Tim Lawson, Superintendent of Warrensburg Central Schools, takes a break in his office. Lawson is to retire this November, completing a 22-year career as an administrator at Warrensburg and Minerva School districts.
Warrensburg Central Superintendent of Schools Tim Lawson is retiring this November, and the local school board has begun a process of seeking out the school system’s next chief executive.
The Warrensburg Central School Board of Education met Monday Jan. 14 with regional BOCES Superintendent James Dexter to discuss parameters for the search process.
Lawson, 54, notified the board two months ago that he was retiring as of Nov. 29, 2013. He has served as the school district’s superintendent since mid-2003. Beforehand, he was the principal of Warrensburg Elementary for about eight years. He began his service with the Warrensburg district following a five tenure as principal in the Minerva School District. From 1983 to 1990, he served as a technology instructor there.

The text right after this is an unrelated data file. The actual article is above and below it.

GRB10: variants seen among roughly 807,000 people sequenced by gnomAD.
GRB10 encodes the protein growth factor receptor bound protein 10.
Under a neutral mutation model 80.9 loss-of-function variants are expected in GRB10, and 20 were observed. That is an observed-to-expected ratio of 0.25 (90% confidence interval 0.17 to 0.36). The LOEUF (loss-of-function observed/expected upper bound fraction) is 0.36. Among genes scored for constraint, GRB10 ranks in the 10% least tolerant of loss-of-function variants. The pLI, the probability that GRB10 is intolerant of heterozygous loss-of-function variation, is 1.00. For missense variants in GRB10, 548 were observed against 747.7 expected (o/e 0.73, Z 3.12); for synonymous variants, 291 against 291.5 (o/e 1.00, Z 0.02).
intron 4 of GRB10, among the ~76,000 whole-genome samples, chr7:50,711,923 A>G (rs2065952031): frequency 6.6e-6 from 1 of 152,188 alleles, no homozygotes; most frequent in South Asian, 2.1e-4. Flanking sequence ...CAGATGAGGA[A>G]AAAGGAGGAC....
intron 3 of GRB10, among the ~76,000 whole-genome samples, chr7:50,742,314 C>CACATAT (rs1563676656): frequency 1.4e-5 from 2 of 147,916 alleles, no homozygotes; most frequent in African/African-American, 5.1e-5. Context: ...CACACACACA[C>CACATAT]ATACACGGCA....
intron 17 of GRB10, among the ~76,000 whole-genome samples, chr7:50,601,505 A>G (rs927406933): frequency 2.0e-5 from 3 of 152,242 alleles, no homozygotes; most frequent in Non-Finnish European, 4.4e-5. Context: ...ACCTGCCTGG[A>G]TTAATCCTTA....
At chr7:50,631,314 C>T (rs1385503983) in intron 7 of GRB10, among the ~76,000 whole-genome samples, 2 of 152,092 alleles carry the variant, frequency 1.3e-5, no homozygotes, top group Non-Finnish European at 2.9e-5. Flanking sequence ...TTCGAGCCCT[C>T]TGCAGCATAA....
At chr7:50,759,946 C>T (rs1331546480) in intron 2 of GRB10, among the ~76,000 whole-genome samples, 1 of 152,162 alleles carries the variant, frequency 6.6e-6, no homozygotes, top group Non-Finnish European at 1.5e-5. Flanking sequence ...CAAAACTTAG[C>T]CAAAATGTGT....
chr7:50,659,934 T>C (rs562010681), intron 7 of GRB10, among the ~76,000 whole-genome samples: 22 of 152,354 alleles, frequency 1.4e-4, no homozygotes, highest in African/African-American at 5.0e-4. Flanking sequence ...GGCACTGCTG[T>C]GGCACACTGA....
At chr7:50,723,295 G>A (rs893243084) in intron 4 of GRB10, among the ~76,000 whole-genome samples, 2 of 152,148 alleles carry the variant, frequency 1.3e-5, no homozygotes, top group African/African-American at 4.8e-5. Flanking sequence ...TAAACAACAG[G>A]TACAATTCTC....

This week, Lawson said he was retiring mid-year to allow a new superintendent of schools to be on board for the full process of preparing a budget for the 2014-15 school year.
“Retiring in November provides the school district with flexibility in the selection process and offers potential savings,” Lawson said. It also gives the school board sufficient time to pursue a thorough search for a new superintendent, he said.
In September, Lawson’s wife Gail Lawson retired from her position as guidance counselor at Warrensburg Central.
Since 1995, the two have resided in Thurman, where they’ve raised their children Katherine and Todd, both of whom attended Warrensburg Central and had notable academic and extra-curricular accomplishments.
Tim Lawson said he hadn’t yet decided on particular plans at this point for his retirement years.
“I have no idea yet,” he said. “I have a lot of hobbies and aspirations, so I have no concerns about filling my spare time.”
School district staffers, however, may be convincing him to continue one of his current activities — driving a school bus.
“The people at the bus garage want me to keep driving — as a substitute,” he said. “I know I want to stay in the area — and continue to support the school district and community.”